On June 21, Martin filed a lawsuit under the name “Warinu Kapa,” claiming he is entitled to at least $10 million in damages because the Virgin Islands government is falsely prosecuting him, according to documents filed in U.S. District Court.
Martin said he is an “enrolled citizen of the Maipuri Arauan Nation, a ‘Treaty Protectorate Nation’ of the Maori Hapu Nation of New Zealand” and his ancestry predates colonization so he “is a nonparty to the ‘Convention between the Government of the United States of America and the Government of the Kingdom of Denmark,’ ” and “is not a Resident of either the Virgin Islands or the United States.”
The 11-page lawsuit names as defendants Gov. Albert Bryan Jr., the police department and two officers involved in his May 2020 arrest.
The lawsuit claims 18 individual counts against the officers, including conspiracy to commit kidnapping, false arrest, illegal detention, and “identity theft and prosecution under apartheid conditions.”
Martin also wrote that in 2020, “plaintiff and other tribal families of the Virgin Islands sent official request” to Bryan “to discuss tribal matters and provide protections by instructing the agencies of the Virgin Islands of the United States concerning the rights of indigenous inhabitants, but all requests have gone unanswered.”
Martin claims that Bryan is perpetuating “environmental racism” and has “violated and continues to violate the human rights of the indigenous Arawak people of the Virgin Islands territory, forcing assimilation of identity as citizens and forced jurisdiction barring the rights of indigenous people, led to and aided in the intimidation and false arrest of plaintiff.”
Parker makes his case
Like Martin, Parker said in court recently that he was not permitted to swear an oath to a foreign nation.
Parker said he is “an indigenous tribal member” of one of the seven founding nations of indigenous peoples and openly quarreled with Carr over how the court should refer to him, after identifying himself as “No-Fear-Everlasting Arawak.”
Carr asked if his name was Everett Parker.
Parker said it “depends,” on whether the charging documents spelled that name with all uppercase letters, as is common in court records.
“It’s all uppercase, right? Well, let me make the distinction clear as to who I am and who you’re looking for,” Parker said. “The all-uppercase distinction of any individual spoken of in common English parlance refers to either a person that is dead or corporate. Am I correct?”
“What is your birth date, sir?” Carr asked in reply.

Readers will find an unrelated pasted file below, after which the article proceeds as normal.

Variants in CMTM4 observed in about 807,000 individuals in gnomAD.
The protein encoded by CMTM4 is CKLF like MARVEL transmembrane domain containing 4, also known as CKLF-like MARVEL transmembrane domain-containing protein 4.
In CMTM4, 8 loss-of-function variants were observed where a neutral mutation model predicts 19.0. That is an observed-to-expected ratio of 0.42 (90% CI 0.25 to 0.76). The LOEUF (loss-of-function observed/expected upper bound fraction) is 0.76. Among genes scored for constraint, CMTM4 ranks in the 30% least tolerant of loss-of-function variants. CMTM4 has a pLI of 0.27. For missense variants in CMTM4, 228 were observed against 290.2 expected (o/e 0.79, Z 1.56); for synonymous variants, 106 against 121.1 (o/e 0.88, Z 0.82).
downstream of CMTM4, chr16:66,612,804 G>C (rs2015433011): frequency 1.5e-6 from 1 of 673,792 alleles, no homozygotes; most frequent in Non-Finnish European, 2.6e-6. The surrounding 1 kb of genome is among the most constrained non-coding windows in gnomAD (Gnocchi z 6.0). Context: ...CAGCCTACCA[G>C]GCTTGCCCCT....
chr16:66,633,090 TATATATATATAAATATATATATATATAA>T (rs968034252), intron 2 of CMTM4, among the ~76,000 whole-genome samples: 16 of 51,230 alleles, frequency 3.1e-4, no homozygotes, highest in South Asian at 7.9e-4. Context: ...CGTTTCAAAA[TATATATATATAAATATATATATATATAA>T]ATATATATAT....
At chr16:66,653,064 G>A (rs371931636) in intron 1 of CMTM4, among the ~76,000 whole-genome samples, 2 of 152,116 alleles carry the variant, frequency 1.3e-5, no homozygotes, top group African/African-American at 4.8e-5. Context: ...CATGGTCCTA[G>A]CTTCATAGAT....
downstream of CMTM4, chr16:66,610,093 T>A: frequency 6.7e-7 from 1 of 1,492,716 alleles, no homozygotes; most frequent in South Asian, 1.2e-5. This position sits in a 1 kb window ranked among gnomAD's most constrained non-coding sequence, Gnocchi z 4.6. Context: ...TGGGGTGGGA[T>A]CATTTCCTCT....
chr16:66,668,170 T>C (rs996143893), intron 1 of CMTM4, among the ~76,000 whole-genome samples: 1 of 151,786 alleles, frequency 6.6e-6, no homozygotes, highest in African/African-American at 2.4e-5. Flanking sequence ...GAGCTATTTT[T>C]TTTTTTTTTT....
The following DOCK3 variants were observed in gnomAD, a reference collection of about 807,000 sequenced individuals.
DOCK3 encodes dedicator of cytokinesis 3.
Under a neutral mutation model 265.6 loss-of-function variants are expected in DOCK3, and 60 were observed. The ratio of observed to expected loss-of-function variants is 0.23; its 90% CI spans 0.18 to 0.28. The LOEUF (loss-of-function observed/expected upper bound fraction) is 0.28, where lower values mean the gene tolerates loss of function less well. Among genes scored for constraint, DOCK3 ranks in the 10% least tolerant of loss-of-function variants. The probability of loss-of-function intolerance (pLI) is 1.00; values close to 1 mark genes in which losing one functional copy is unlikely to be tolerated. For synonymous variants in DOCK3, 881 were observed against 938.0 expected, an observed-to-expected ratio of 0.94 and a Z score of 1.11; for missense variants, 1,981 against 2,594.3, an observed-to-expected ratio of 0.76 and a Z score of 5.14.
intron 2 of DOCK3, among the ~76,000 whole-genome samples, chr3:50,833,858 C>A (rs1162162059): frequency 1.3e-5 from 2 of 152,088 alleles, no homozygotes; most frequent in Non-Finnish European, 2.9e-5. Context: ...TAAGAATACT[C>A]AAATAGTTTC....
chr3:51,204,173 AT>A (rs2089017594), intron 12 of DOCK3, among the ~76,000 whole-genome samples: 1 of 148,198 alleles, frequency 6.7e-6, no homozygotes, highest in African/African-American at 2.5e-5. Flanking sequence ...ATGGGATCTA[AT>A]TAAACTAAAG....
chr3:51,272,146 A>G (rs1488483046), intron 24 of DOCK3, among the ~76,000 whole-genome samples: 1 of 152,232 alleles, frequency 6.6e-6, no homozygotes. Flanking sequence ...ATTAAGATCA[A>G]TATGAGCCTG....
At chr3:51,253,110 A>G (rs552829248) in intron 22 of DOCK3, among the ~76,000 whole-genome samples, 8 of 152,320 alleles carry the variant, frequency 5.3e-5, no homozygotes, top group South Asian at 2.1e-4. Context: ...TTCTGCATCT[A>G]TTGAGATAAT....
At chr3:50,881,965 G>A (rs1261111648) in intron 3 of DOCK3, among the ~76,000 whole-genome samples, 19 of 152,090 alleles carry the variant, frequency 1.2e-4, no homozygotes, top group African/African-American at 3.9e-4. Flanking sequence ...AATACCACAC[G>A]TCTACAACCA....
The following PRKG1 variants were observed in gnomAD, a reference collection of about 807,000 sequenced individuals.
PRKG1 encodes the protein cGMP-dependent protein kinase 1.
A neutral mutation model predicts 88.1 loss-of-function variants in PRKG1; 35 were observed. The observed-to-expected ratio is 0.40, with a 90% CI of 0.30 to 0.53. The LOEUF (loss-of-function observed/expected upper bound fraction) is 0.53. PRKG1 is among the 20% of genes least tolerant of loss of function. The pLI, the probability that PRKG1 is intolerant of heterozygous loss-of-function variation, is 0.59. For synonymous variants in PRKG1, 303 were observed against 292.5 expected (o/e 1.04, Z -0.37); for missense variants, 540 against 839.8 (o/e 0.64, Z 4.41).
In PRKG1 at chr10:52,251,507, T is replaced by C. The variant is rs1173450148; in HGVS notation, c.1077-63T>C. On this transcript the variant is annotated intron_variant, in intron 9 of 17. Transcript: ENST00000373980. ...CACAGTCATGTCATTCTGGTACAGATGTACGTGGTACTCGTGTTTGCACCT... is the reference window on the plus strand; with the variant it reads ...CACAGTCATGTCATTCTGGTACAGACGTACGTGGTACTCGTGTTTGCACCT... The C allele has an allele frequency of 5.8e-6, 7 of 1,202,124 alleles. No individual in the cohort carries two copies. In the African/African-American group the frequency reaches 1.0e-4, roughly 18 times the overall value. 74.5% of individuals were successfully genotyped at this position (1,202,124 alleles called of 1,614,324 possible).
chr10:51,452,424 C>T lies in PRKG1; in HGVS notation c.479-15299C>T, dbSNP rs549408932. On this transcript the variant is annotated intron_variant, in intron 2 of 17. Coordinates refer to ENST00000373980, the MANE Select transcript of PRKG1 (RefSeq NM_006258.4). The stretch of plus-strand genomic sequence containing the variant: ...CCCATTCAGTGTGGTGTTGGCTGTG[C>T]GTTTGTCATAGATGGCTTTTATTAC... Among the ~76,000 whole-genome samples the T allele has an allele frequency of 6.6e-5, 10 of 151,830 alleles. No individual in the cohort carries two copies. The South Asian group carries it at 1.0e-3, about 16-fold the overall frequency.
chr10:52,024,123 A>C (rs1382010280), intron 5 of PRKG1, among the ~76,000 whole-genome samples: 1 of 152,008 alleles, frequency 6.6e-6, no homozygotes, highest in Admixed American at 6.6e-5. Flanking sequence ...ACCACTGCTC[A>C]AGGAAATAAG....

“Can you answer my question, first?” Parker demanded. “I will not tell you that until you answer my question.”
Parker repeatedly attempted to steer the hearing away from his criminal charges to matters of citizenship.
He explained that he was “formerly” known as Everett Parker Jr., and had “already gone ahead and made constructive notice to the United Nations and several other entities, like the President of the United States,” that he had claimed another identity.
Carr stopped him and said he was not interested in that, and needed to proceed with the hearing.
Parker and another man were arrested after police said they got into a physical fight over a parking space at Oswald Harris Court.
The only evidence that the other man had committed a criminal assault was contained in Parker’s statement to police — which Carr said he could not rely on, given Parker’s refusal to be processed by officers, and his unwillingness to cooperate with his attorney.
Carr ordered the charges dismissed against the other man. Carr also dismissed a simple assault charge filed against Parker, but found probable cause for obstructing an officer.
Barraco said it’s unclear from the record whether Parker is a flight risk, “except for the fact that he won’t cooperate at all and he says he belongs to another nation.”
“I don’t really care what nation he belongs to,” as long as he doesn’t commit additional crimes, Carr said. “He can do whatever he wants in his private life.”
Carr said that if Parker cooperates with police processing, he can be released on his own recognizance.
Ultimately, Parker said he has a driver’s license, and will call someone who can bring that identification to the court.